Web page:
The same Nissan Patrol G60 that first crossed the Simpson Desert in 1962 (recreation in 2012).We’re in! “No habitation or services for the next 450 km”… Indeed.

Fast-forward 56 years, and the Simpson Desert has risen to the top of the must-do list for Australian 4WD enthusiasts, with thousands attempting the crossing each year and its length and toughness making it a kind of rite of passage that I can’t wait to pass. The Simpson is closed from December 1 to March 15 because of extreme heat in the height of summer making breakdowns potentially fatal. The best time to travel is May to October so we are right on the mark, entering on June 25. The tracks in the Simpson Desert are not gazetted roads and therefore auto club membership does not cover breakdowns in the desert – recovery is charged $400 per hour coming from either Mount Dare or Birdsville, however the Desert Parks Pass required for entry covers you.

Pasha has officially entered the Simpson Desert.

A common pre-conceived idea about the Simpson Desert is that it’s sand dune driving from start to finish. That’s actually not true. After having retraced our steps to overcome the rocky 70 km (45 miles) section from Mount Dare to Dalhousie Springs (we covered this in Part 1), the next 70-odd km up to Purni Bore are actually relatively flat and fast, allowing a 100 km/h (60 mph) maximum speed. That wouldn’t last. After around 50km, I passed one Toyota Hilux with a trailer that had lost a back wheel and was waiting for the rescue truck coming from Mount Dare: one Simpson crossing that didn’t go to plan and a reminder that this is not going to be a smooth ride by any mean.

This is how your Land Cruiser dashboard must look like as you enter sand dune territory…For this you need to press these two buttons long enough for all the lights above to pop up.

142 km (90 miles) in, Purni Bore is the spot where 4WD maps (and my Desert whisperer, more on this later) advise to reduce tyre pressure, because that’s what it all begins… I reduced the pressure to 20 psi, 5 psi higher than the 15 psi recommended for sand-driving so I still have room to move if the car is struggling as I cannot re-inflate my tires once in the desert. There are other settings to change on the car when you enter the Simpson Desert – all things that experienced 4WDrivers will take for granted, but still must be listed here – namely the VSC (Vehicle Stability Control) must be turned off otherwise the car will stop right in the middle of a particularly bumpy dune climb thinking you’re spinning out of control and you do not want that (perfect recipe for getting bogged down), the TRC (Traction Control), diff lock and anti-collision systems must also be off. On a Land Cruiser, there is theoretically no need to get the vehicle into low range as the powerful 4.5L V8 engine can handle all climbs and descents on its own. But on almost all other vehicles including the Hilux (which has no V8 variant) you will need to be in low range pretty much the entire trip.

A 40 km/h speed limit, a lost GPS and proud sand flag: welcome to the Simpson Desert!

We are immediately met with a 40 km/h (25 mph) speed limit sign, but no need to fear the (elusive?) Simpson Desert Police, there is no way we can even achieve that speed as the sandy track is now almost never flat but a constant succession of bumps that make the car bounce up and down like a true American lowrider hopping car. The only way to prevent the car’s bash plate to hit the next bump with full force, something most cars ahead of me have done joyously looking at the imprints on the ground, is to slow down drastically. Plus once you start climbing each of the 1100 dunes on the track, the bumps also start to work left and right as shown in the video at the start of this article, so the crossing is actually quite physical as I was reminded with a sore back, sides, stomach and arm muscles for a few days after the crossing was completed. You do have to muscle your way across the Simpson Desert!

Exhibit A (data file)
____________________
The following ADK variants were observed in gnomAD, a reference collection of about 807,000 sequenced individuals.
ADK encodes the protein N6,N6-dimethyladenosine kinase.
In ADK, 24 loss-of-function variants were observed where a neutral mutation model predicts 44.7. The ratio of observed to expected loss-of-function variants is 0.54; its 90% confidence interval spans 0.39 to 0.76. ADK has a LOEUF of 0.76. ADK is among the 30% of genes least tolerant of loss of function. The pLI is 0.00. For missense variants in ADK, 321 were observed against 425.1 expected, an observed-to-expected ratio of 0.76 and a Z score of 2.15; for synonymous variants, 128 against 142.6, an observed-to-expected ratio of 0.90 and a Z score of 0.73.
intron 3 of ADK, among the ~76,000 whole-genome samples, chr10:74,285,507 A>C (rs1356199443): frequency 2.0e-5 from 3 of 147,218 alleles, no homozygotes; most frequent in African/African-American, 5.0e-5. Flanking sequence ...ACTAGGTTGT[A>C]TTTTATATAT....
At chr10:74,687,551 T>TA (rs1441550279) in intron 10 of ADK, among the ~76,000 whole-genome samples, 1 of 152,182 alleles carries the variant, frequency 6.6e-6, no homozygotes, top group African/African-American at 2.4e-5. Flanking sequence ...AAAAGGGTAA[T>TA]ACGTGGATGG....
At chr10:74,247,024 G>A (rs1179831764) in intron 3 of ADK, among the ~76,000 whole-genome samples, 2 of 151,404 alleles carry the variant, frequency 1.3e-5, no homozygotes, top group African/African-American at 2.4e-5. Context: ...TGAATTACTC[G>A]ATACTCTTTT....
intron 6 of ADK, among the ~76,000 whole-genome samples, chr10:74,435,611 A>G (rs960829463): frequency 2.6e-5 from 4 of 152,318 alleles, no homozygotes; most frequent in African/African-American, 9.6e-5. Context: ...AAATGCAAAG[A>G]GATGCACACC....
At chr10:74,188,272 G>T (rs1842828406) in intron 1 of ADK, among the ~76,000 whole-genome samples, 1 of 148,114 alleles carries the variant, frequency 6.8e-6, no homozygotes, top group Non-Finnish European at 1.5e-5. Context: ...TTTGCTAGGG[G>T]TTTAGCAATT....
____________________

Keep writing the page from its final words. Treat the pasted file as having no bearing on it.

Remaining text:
Down… staying put… and up again!

So what’s the trick to manage 1100 dune crossings without getting bogged? (ok I did get bogged once, literally on the very last dune – true story, more on this later). A lot of it is in the momentum. First, you need to choose a path (= one set of ruts in the sand) and commit to it. Changing ruts will slow down your vehicle and increase the chances of spinning your wheels and getting bogged. Sometimes the deepest ruts are the best, and it usually pays to follow the most trodden path. Then, it’s full speed ahead up until the top of the dune. The first few dunes are a little frazzling as the car is bouncing up and down, left and right and roaring in pain. But a 4WD won’t have too many issues climbing most dunes in the Simpson Desert where the tallest one (Big Red, near Birdsville) towers at a reasonable 40m / 130ft high. If you have a V8 like the Toyota Land Cruiser 70, 200 and previous gen Nissan Patrol, it will be even easier. Reaching each crest is an adrenalin rush and a very satisfying feeling as you discover the landscape over the next few km. Then you need to continue paying attention as you slither down the dune – a steeper slope than the climb when driving East bound. This is where you must make sure your wheels are straight. Sounds obvious? Not so. The weight of the car will make it naturally slide down on a straight line regardless of where your wheels are facing BUT the car will abruptly turn left or right when it regains traction. So straight wheels please. The most challenging part of crossing the Simpson may in the end be the dune climb repetition 1100 times: remaining focused and alert each and every time can be an issue.

Pasha looking straight into the horizon… and loving it!